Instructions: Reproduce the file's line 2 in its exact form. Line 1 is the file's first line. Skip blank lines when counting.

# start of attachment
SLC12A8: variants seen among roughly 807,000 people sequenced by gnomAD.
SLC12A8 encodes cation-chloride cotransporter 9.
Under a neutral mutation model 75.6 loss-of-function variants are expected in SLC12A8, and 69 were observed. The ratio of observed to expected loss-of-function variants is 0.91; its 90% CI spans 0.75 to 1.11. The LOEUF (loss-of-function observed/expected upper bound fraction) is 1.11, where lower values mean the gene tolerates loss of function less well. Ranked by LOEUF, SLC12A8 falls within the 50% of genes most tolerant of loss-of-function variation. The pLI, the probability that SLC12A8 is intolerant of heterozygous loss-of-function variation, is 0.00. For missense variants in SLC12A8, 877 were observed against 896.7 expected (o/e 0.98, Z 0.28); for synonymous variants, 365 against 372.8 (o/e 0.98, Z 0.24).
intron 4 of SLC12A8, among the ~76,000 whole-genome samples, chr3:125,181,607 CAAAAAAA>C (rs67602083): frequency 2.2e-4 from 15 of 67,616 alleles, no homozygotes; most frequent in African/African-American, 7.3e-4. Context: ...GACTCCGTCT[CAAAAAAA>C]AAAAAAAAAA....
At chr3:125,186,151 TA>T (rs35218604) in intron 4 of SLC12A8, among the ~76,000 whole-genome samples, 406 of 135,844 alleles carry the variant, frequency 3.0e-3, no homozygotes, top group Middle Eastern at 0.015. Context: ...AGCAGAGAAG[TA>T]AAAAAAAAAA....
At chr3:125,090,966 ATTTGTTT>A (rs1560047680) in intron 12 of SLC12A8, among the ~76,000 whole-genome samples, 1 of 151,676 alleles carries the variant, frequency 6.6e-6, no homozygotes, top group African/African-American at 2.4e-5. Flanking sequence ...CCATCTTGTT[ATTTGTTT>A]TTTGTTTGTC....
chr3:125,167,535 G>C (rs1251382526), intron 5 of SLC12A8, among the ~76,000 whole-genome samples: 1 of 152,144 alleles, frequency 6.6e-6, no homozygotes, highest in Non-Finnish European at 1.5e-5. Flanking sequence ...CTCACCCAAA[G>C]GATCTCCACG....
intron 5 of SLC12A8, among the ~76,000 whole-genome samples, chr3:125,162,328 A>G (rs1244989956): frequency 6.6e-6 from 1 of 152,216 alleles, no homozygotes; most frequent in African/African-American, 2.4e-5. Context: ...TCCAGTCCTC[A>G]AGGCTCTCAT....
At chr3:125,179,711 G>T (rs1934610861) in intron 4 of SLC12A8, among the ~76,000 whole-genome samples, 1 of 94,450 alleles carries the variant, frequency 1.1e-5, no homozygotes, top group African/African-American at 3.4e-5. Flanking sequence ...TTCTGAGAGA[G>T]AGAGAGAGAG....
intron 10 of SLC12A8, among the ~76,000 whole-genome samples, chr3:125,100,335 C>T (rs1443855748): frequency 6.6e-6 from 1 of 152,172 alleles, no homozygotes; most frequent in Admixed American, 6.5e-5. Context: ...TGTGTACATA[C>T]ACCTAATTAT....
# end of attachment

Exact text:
SLC12A8 encodes cation-chloride cotransporter 9.